8. #28
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    Quote Originally Posted by outdoorslife89 View Post
    Ill start out with, I don't have the experience that most of you do in regards to gun dog training. However, I will say that since myself and Remi have introduced stay, she has responded so much better to "sit" followed by "stay" or simply "stay" versus just "sit". After one 48 hour period(roughly) of "stay" I was able to walk lets say, about 30 yards from her and she will patiently wait until released. When it was just "sit"...maybe, maybe you could get 10 yards from her, tops and it wouldn't be consistent. This never changed. I am not pushing her as she is young, just seeing what she is responding to and how...whats her demeanor like. She seems poised to "stay". So her range(of waiting patiently) and focus seemed to increase since introducing "stay". I can also now have her "stay" after I throw a dummy and she will wait for the "ok" or go right after it, pending on which I tell her. Prior to this, if you tried to command just "sit", she was going on the retrieve immediately no matter what you wanted her to do. Same thing with her food. Before there was no "staying" after you told her "sit" and even reminded her as much as needed. Now she will "stay" by the bowl and you can walk away, come back and then release her to eat. This is just how Remi is responding. She seems to appreciate it honestly.

    I understand its different strokes for different folks and that's why I was looking for feedback, either way and both sides of the debate. Originally, I was going to stick with "sit means stay" because I understood it the same as jstevens is saying and also seen it(the discussion) mentioned elsewhere numerous times. In research it almost seems like a 50/50 split. Some use "stay", some dont.

    Sit until otherwise told...it just wasn't working for us that well and since our one night of starting to implement "stay", its been a world of difference. I for one, am extremely glad we went that direction and I do believe for Remi is too as well!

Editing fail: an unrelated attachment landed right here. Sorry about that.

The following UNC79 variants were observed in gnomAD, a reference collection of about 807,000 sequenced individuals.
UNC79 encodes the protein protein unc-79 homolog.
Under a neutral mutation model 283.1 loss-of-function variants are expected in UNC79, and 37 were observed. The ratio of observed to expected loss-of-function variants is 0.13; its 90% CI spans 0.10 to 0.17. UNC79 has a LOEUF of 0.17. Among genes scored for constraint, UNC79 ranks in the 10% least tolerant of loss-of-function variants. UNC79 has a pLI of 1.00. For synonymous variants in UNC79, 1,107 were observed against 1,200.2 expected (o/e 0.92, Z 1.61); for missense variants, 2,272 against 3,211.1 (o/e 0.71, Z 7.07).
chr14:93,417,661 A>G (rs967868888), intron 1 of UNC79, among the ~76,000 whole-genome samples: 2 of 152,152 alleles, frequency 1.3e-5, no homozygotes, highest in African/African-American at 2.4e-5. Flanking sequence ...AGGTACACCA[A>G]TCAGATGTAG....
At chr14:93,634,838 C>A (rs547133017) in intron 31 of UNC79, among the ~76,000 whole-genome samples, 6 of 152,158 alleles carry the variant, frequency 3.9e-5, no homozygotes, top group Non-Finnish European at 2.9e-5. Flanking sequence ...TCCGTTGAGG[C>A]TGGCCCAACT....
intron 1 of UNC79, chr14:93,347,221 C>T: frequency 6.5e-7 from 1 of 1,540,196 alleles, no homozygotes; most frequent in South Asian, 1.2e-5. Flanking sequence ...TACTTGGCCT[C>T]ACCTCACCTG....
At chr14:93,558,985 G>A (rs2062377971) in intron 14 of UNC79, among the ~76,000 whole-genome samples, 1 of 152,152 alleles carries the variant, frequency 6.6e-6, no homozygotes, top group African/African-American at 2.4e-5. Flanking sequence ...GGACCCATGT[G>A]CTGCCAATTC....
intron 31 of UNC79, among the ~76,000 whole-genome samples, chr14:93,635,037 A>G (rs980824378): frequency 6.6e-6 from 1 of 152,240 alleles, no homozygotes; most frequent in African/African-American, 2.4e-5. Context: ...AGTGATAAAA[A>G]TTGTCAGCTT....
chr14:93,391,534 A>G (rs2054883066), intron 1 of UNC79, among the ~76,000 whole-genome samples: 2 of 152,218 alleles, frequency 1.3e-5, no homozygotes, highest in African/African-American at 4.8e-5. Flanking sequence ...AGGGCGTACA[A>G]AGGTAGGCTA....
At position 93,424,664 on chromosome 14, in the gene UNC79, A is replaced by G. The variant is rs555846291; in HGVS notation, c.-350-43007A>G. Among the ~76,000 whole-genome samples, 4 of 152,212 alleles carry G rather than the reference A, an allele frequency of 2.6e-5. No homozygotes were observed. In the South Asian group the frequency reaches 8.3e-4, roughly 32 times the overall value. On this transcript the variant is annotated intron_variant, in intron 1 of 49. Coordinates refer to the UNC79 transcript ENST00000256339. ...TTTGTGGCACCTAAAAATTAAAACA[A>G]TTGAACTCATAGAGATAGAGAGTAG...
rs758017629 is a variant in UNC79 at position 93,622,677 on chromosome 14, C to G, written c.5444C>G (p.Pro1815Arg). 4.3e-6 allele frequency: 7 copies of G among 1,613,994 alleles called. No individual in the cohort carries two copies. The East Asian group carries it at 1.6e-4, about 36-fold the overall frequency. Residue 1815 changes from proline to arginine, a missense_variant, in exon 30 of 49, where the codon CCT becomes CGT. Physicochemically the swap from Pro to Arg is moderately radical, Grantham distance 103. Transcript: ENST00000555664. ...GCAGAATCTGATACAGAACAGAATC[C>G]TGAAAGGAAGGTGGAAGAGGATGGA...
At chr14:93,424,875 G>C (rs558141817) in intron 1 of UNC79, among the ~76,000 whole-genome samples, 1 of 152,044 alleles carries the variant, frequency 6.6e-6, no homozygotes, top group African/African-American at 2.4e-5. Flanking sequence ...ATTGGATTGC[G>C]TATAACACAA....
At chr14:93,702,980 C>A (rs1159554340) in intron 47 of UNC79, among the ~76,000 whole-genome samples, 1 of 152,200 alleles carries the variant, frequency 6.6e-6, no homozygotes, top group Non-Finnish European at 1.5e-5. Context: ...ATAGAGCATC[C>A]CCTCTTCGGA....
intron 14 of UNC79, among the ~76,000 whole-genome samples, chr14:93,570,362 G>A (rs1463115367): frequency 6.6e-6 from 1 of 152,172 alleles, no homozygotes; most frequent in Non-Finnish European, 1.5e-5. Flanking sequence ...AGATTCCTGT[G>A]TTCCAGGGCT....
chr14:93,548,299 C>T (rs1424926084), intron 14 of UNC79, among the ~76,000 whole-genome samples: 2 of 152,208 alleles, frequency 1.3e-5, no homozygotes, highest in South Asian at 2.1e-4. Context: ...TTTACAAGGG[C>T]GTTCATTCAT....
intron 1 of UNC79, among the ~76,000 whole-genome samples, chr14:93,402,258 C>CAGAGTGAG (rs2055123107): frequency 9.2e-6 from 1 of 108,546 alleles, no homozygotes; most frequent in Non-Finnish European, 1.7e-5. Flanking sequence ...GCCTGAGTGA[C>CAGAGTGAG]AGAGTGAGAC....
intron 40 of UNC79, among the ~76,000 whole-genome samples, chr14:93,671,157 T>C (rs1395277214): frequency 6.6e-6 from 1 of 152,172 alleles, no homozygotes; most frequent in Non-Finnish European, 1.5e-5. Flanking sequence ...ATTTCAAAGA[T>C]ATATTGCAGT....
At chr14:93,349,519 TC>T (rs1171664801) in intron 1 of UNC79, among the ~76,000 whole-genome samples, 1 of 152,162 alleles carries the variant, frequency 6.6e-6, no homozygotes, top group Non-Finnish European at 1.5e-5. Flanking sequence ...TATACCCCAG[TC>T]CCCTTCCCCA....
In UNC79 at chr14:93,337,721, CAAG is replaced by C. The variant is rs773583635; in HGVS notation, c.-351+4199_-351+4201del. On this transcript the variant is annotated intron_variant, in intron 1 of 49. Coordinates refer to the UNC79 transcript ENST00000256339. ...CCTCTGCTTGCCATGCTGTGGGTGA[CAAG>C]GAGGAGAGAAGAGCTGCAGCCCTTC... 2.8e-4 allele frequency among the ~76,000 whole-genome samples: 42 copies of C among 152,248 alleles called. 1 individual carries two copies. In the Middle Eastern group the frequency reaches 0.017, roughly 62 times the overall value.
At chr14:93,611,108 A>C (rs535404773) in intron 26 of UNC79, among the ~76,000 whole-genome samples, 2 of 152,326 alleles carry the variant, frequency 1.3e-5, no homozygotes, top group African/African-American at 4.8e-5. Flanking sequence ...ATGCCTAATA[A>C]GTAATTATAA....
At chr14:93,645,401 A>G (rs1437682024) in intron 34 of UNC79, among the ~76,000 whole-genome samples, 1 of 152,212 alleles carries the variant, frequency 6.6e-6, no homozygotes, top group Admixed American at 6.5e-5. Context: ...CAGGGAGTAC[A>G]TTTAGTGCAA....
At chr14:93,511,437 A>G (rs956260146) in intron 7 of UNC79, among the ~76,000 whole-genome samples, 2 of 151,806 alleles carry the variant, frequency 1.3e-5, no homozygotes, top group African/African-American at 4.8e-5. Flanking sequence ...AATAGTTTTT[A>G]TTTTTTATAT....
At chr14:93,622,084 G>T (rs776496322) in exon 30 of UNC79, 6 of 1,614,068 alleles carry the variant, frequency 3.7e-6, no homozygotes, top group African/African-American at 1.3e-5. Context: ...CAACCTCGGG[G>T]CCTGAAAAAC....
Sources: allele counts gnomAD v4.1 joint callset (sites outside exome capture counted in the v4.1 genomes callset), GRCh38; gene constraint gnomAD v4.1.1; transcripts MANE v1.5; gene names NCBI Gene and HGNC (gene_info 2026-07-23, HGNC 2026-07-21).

I wouldn't mind seeing this discussion continue...if you all wish. There is some good info here and valid points on both sides. So if you wish...carry on...
    I don't know that I even know the best way, but if I give a sit or down and the dog moves, I take them right back to the exact spot, 'sit' again, and leave. If the dog moves, we do it all again. Then a treat or a toy when it's done correctly. It usually doesn't take all that long before they get the message. I just found it's easier to teach one command than two, and possibly less confusion for the dog, although dogs can do multiple command fairly easily.

  9. #29
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    Quote Originally Posted by jstevens View Post
    I don't know that I even know the best way, but if I give a sit or down and the dog moves, I take them right back to the exact spot, 'sit' again, and leave. If the dog moves, we do it all again. Then a treat or a toy when it's done correctly. It usually doesn't take all that long before they get the message. I just found it's easier to teach one command than two, and possibly less confusion for the dog, although dogs can do multiple command fairly easily.
    That was part of my intent initially. Im with ya! One command should be easier...You would think!? "Why teach redundant commands?" was part of my thinking, after reading about those who skip stay. I trained like you did and with treats. For whatever reason she picked up all of the other commands in our vocab relatively easy. Sit just didn't mean sit and stay to her, for whatever reason and inconsistent results at best. I gave it a shot("stay") and its been flawless for the most past ever since. Kinda "wowed" me. Granted she is still very very young but everything else has been "easy" for her(which is what got me thinking if we need to try something diff and hence this thread) compared to that one and she seemed to understand "stay" right off the bat. Its been a lot of fun for us so far. I know Im enjoying it, I hope she is! lol

  10. #30
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    Quote Originally Posted by jonnyB View Post
    Both "sit" and "stay" seem to work depending on how each command was/is enforced.

    When the dog is already lying down and I don't want him to get up i.e.(someone enters the room) stay is used and works. Where else do you use stay in your training?
    Ive used it for coming back inside of the house: Wait at the front door...sit...stay...

    At her food bowl: Place bowl...sit...stay...

    After throwing a quail dummy she will stay until released...

    On the tailgate the other day checking her for ticks and brushing her...

    All of this got many times better since introducing stay not long ago! Actually she didn't and I didn't try getting her to sit when I threw the dummy before but because she picked it up so well...we then tried and succeeded right off the bat. Its gotta be like how for us some things click and some don't...its just clicked for her